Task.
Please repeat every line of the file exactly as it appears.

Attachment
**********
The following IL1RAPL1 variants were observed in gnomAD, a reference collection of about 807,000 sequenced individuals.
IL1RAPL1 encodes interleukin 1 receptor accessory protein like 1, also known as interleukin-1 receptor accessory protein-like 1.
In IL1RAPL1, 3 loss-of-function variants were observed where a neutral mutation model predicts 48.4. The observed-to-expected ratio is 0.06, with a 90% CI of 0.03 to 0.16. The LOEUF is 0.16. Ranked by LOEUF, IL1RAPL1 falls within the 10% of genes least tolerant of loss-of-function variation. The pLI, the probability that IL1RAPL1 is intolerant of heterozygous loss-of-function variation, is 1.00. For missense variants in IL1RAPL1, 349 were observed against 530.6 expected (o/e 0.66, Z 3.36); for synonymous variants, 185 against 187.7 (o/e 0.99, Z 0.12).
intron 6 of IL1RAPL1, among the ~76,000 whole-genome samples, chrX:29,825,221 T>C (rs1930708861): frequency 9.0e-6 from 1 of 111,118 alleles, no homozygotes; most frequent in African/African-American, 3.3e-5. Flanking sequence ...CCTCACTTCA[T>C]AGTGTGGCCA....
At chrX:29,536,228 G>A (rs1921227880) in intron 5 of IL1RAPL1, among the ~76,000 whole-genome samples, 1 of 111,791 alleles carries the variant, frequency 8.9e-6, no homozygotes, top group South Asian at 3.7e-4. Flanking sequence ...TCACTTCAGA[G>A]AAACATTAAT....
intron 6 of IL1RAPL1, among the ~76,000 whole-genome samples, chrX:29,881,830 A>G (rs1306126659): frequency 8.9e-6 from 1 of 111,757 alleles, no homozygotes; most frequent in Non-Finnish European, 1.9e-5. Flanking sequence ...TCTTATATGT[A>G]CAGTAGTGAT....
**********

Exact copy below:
The following IL1RAPL1 variants were observed in gnomAD, a reference collection of about 807,000 sequenced individuals.
IL1RAPL1 encodes interleukin 1 receptor accessory protein like 1, also known as interleukin-1 receptor accessory protein-like 1.
In IL1RAPL1, 3 loss-of-function variants were observed where a neutral mutation model predicts 48.4. The observed-to-expected ratio is 0.06, with a 90% CI of 0.03 to 0.16. The LOEUF is 0.16. Ranked by LOEUF, IL1RAPL1 falls within the 10% of genes least tolerant of loss-of-function variation. The pLI, the probability that IL1RAPL1 is intolerant of heterozygous loss-of-function variation, is 1.00. For missense variants in IL1RAPL1, 349 were observed against 530.6 expected (o/e 0.66, Z 3.36); for synonymous variants, 185 against 187.7 (o/e 0.99, Z 0.12).
intron 6 of IL1RAPL1, among the ~76,000 whole-genome samples, chrX:29,825,221 T>C (rs1930708861): frequency 9.0e-6 from 1 of 111,118 alleles, no homozygotes; most frequent in African/African-American, 3.3e-5. Flanking sequence ...CCTCACTTCA[T>C]AGTGTGGCCA....
At chrX:29,536,228 G>A (rs1921227880) in intron 5 of IL1RAPL1, among the ~76,000 whole-genome samples, 1 of 111,791 alleles carries the variant, frequency 8.9e-6, no homozygotes, top group South Asian at 3.7e-4. Flanking sequence ...TCACTTCAGA[G>A]AAACATTAAT....
intron 6 of IL1RAPL1, among the ~76,000 whole-genome samples, chrX:29,881,830 A>G (rs1306126659): frequency 8.9e-6 from 1 of 111,757 alleles, no homozygotes; most frequent in Non-Finnish European, 1.9e-5. Flanking sequence ...TCTTATATGT[A>G]CAGTAGTGAT....